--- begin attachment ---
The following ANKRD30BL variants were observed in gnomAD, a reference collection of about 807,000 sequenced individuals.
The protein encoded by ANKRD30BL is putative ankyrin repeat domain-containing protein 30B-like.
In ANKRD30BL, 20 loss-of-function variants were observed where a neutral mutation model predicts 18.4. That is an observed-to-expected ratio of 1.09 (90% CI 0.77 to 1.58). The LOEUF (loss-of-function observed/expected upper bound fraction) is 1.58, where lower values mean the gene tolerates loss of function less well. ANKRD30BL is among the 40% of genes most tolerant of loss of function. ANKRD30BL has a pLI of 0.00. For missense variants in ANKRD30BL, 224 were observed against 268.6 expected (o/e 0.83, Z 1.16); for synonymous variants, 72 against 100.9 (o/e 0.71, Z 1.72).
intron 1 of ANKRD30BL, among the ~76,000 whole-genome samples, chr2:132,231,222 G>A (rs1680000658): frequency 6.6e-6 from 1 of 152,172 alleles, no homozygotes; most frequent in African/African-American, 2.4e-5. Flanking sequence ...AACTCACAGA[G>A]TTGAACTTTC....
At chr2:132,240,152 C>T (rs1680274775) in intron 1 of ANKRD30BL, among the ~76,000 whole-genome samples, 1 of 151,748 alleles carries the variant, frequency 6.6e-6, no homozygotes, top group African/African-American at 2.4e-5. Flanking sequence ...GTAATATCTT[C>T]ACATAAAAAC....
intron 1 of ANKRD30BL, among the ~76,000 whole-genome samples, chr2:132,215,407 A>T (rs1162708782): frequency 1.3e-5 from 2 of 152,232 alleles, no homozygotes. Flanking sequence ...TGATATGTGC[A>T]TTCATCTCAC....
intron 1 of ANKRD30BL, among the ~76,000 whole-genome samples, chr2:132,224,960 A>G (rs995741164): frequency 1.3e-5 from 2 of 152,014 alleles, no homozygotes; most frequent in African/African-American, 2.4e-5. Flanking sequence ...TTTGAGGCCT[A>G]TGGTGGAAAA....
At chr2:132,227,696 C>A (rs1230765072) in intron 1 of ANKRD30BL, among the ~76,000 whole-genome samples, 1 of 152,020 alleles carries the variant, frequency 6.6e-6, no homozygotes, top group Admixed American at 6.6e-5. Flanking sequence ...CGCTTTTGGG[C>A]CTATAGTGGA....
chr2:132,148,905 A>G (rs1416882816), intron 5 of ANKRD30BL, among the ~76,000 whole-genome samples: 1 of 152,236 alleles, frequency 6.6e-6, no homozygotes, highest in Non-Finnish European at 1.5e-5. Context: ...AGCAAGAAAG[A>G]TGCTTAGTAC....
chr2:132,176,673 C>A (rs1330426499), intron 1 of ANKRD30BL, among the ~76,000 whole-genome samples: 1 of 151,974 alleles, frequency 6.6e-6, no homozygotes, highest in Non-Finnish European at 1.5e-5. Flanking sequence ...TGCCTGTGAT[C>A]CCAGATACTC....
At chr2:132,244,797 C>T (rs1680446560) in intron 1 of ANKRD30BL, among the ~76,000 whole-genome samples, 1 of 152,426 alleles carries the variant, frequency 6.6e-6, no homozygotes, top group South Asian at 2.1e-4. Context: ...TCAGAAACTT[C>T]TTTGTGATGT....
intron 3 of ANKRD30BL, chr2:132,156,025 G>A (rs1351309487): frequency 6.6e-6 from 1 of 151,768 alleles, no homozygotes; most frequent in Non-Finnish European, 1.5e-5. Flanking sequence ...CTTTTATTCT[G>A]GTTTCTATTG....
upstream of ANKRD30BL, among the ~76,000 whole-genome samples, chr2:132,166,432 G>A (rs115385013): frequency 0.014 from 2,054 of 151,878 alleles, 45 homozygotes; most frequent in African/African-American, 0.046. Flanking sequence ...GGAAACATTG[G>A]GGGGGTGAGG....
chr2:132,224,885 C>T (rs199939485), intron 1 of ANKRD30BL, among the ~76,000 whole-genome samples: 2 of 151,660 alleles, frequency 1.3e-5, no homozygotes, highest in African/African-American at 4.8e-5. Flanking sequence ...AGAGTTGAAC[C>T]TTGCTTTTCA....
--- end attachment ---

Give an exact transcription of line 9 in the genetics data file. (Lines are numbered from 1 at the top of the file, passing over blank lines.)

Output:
chr2:132,148,905 A>G (rs1416882816), intron 5 of ANKRD30BL, among the ~76,000 whole-genome samples: 1 of 152,236 alleles, frequency 6.6e-6, no homozygotes, highest in Non-Finnish European at 1.5e-5. Context: ...AGCAAGAAAG[A>G]TGCTTAGTAC....